May 17: NSRAP Shares Progress on Ending the Blood Ban
Posted by Wayves volunteer 18/05/13
By Lucas Thorne-Humphrey
First I feel compelled to tell everyone how ecstatic I am that you’re all here together. It’s a challenge to not let apathy or competing interests and commitments take priority over events like this. This is a symbolic occasion but an important one. Our assembly makes an important statement. It helps us remember the value of struggles won, people that have lost dearly in the fight, and helps us focus on hurdles yet to overcome.
One such hurdle is a vestige of a time that seems to some of us like a distant history. To other more veteran members of our community all to recent and painful one. I want to take some time today to address the topic of the “blood ban” as it is often described.
In the mid-1980‘s Canadian Blood Services‘ predecessor, the Canadian Red Cross introduced a now infamous donor exclusion criterion. Please note my indignant quotes in describing all “men” who have had “sex” with “men” since 1977 as being barred from donation indefinitely. This policy has contributed to institutional discrimination against Canadians and is in drastic need of changing.
After nearly three decades of social and scientific progress the Canadian Blood Services is still mandated by Health Canada to enforce rules that harm our community. This harm can be the tangible in terms of limiting our rights to participate in society. This harm can also be the less tangible type where our discrimination and marginalization eventually leads to violence.
NSRAP has been working since 1995 across Nova Scotia as a voice for the LGBTQI Community. Part of our role is advocating for Nova Scotians’ access to equitable and ethical health care, which includes the promotion of non-discriminatory and evidence-based blood collection and delivery services
Over the past year I have had many meetings between advocacy groups with a similar mandates from across the country and the Canadian Blood Services. To their credit Canadian Blood Services has facilitated working groups and now a standing committee that is composed of both LGBTQ community groups and groups similar to our own, but advocating for the rights of those that accept blood. Those advocating on the behalf of those that accept blood include The Canadian Hemophilia Society and The Canadian Immunodeficiency Society whom in the past have advocated for no change to the policy.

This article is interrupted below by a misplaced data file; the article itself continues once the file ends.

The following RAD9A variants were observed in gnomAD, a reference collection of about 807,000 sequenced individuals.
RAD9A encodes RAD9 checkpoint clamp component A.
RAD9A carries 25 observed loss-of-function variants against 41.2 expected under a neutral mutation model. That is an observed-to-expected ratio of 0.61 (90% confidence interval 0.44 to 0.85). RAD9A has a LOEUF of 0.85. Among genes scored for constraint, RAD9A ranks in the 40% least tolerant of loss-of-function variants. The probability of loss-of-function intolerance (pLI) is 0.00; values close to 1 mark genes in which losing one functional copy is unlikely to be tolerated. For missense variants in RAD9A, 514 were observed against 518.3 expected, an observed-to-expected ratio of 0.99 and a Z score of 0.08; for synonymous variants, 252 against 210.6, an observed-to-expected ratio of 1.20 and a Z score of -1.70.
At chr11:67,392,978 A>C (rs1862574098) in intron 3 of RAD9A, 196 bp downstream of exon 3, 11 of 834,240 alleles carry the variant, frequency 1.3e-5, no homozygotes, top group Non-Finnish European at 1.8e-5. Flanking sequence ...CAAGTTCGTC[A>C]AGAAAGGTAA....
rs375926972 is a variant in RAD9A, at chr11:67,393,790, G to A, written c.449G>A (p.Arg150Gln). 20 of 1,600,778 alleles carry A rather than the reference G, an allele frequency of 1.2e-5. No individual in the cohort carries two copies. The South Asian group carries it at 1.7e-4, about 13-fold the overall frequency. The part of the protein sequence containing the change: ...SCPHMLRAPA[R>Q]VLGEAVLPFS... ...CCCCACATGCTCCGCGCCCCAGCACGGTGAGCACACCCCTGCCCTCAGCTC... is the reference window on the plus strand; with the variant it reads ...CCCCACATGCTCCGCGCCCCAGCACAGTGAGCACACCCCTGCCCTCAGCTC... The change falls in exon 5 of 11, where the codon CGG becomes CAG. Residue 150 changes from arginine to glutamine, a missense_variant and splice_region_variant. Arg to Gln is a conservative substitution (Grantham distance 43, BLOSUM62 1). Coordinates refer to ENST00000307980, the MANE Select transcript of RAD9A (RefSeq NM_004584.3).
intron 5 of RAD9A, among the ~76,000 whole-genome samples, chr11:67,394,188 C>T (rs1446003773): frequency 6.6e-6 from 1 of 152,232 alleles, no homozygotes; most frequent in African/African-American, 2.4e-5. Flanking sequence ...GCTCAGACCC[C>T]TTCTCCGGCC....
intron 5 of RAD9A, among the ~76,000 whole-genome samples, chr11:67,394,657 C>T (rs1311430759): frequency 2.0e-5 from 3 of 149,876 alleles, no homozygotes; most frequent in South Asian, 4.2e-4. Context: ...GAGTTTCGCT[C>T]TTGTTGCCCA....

During our meetings together we worked from what seemed completely opposed viewpoints to a compromise that I am proud to call a first step. This agreement was a near unanimous declaration that we would support changing to a 5 year deferral period (for now), with the accompanying promise to reexamine the ban and with continued evidence further move to a behaviorally based, genderless questionnaire. The efforts of this group, as well as the efforts of the Canadian Blood Service, will hopefully be successful in convincing our federal Minister of Health to make this incremental change, currently under review.
I would like to acknowledge the participation and efforts of patient advocacy groups for those that accept blood. One of the ideas that struck me the most from our meetings was that we are really all part of a marginalized group. Many courageous people I have met there knew first hand the effects of a history of tainted blood scandals, and had friends whom have succumbed due to the illnesses they contracted from blood products. These stories and remaining fears reminded me all to well of those within my own marginalized community also affected by this legacy.
It is in this spirit that I hope that critics of supporting a 5 year deferral will agree that compromise is necessary to satisfy most parties involved that are affected by these issues. Together we can get where we want to be but not overnight, and certainly not without exchanges of understanding like the ones I have had the pleasure to be part of on behalf of NSRAP.
It is vital to ensure that everyone has access to a reliable blood supply; that we able to contribute to further the health of our communities. It is for this reason that NSRAP has voted to support a change to a 5 year deferral with the promise of further incremental changes in a timely and evidence based manner toward an eventual behavioral based screening tool, one that does not exclude Canadians from donating blood based on the sex of their chosen partner.
I know you are here to be part of the change you want to see. I hope you will continue to support NSRAP either symbolically or with your every day and volunteering efforts. It is in part through this way that we seek to clear more hurdles and continue to advance LGBTQI rights for everyone.
Editor's Note: Lucas Thorne-Humphrey is a long serving Board Member of NSRAP and chairs their Health Committee. He is a pharmacist and a graduate of Dalhousie University, where he served as President of DalOut. Wayves is pleased to share his thoughtful words on the status of the ban on gay men wishing to donate blood.
Photos: Photos are by Kirk Furlotte, NSRAP. The first photo is of Lucas Thorne-Humphrey addressing the crowd and the second is of the human chain making its way back into Grand Parade. Wayves thanks the Nova Scotia Rainbow Action Project (NSRAP) for making these photos and Mr. Thorne-Humphrey's speech available for publication.
You can also follow NSRAP on facebook.